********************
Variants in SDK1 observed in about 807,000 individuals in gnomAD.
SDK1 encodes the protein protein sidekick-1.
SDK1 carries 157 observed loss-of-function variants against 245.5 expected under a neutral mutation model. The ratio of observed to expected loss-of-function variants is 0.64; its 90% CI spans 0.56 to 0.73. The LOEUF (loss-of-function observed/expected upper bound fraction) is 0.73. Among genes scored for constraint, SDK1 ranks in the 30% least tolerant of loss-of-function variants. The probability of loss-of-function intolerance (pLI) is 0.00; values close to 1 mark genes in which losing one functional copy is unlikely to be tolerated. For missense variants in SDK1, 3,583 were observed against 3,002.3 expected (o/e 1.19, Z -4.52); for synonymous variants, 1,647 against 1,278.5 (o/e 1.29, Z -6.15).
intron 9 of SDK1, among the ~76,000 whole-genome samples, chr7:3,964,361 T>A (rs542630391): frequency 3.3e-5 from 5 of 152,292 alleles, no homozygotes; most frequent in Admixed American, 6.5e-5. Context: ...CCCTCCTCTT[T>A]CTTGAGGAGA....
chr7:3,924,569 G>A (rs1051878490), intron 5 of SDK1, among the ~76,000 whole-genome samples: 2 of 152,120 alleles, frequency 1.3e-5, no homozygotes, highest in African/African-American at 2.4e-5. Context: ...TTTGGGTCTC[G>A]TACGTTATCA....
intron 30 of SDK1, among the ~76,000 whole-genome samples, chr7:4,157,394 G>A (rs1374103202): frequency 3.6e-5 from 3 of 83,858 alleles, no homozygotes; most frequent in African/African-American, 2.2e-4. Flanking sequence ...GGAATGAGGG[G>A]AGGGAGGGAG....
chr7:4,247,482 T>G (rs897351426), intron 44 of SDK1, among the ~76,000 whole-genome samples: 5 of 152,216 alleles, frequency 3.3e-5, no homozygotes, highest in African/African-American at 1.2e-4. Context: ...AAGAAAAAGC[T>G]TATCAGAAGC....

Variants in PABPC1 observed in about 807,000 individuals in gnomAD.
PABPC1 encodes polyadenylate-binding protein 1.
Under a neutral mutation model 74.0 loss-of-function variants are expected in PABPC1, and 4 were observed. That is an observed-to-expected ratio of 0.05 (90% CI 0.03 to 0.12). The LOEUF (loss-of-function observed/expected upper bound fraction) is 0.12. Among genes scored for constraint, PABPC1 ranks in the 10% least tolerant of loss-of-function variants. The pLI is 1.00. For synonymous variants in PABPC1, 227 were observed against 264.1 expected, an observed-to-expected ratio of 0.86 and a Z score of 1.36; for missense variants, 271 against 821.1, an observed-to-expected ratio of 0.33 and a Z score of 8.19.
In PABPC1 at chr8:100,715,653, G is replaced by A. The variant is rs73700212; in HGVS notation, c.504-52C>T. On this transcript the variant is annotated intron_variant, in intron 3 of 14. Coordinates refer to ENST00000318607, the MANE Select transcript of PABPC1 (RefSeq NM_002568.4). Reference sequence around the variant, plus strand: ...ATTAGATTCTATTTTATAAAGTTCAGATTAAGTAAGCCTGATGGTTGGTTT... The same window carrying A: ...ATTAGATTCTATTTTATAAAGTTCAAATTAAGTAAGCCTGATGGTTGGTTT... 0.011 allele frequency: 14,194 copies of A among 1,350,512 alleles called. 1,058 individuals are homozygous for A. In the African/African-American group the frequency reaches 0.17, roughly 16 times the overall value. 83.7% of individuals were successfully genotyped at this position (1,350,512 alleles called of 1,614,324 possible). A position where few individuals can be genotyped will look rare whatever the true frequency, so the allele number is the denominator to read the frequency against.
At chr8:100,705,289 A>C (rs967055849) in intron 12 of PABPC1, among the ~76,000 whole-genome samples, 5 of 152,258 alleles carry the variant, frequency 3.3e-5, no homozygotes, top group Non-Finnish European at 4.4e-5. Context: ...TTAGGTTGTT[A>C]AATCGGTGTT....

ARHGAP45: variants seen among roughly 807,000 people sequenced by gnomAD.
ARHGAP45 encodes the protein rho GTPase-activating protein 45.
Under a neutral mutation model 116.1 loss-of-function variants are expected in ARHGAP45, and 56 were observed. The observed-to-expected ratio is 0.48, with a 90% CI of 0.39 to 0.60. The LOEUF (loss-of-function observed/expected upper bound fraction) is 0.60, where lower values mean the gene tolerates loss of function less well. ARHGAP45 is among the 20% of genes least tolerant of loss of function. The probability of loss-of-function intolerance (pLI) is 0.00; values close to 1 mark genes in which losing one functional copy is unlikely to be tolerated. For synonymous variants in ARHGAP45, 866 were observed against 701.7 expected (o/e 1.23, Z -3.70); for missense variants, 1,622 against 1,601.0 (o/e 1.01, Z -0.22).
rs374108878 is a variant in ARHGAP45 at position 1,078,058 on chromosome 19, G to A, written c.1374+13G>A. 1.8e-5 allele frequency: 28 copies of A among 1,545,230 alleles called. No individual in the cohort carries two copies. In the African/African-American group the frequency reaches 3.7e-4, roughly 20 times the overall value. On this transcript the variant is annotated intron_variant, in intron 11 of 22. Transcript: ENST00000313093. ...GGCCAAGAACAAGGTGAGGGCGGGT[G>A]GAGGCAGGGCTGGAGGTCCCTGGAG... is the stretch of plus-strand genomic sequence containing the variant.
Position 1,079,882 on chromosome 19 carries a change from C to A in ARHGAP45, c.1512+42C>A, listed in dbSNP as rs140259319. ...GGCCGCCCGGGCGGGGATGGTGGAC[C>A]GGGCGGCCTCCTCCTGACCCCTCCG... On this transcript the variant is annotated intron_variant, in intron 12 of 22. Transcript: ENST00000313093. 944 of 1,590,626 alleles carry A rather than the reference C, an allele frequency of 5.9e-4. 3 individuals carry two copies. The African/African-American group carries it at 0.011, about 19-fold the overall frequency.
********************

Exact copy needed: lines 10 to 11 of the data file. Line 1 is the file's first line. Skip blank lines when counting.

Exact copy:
Under a neutral mutation model 74.0 loss-of-function variants are expected in PABPC1, and 4 were observed. That is an observed-to-expected ratio of 0.05 (90% CI 0.03 to 0.12). The LOEUF (loss-of-function observed/expected upper bound fraction) is 0.12. Among genes scored for constraint, PABPC1 ranks in the 10% least tolerant of loss-of-function variants. The pLI is 1.00. For synonymous variants in PABPC1, 227 were observed against 264.1 expected, an observed-to-expected ratio of 0.86 and a Z score of 1.36; for missense variants, 271 against 821.1, an observed-to-expected ratio of 0.33 and a Z score of 8.19.
In PABPC1 at chr8:100,715,653, G is replaced by A. The variant is rs73700212; in HGVS notation, c.504-52C>T. On this transcript the variant is annotated intron_variant, in intron 3 of 14. Coordinates refer to ENST00000318607, the MANE Select transcript of PABPC1 (RefSeq NM_002568.4). Reference sequence around the variant, plus strand: ...ATTAGATTCTATTTTATAAAGTTCAGATTAAGTAAGCCTGATGGTTGGTTT... The same window carrying A: ...ATTAGATTCTATTTTATAAAGTTCAAATTAAGTAAGCCTGATGGTTGGTTT... 0.011 allele frequency: 14,194 copies of A among 1,350,512 alleles called. 1,058 individuals are homozygous for A. In the African/African-American group the frequency reaches 0.17, roughly 16 times the overall value. 83.7% of individuals were successfully genotyped at this position (1,350,512 alleles called of 1,614,324 possible). A position where few individuals can be genotyped will look rare whatever the true frequency, so the allele number is the denominator to read the frequency against.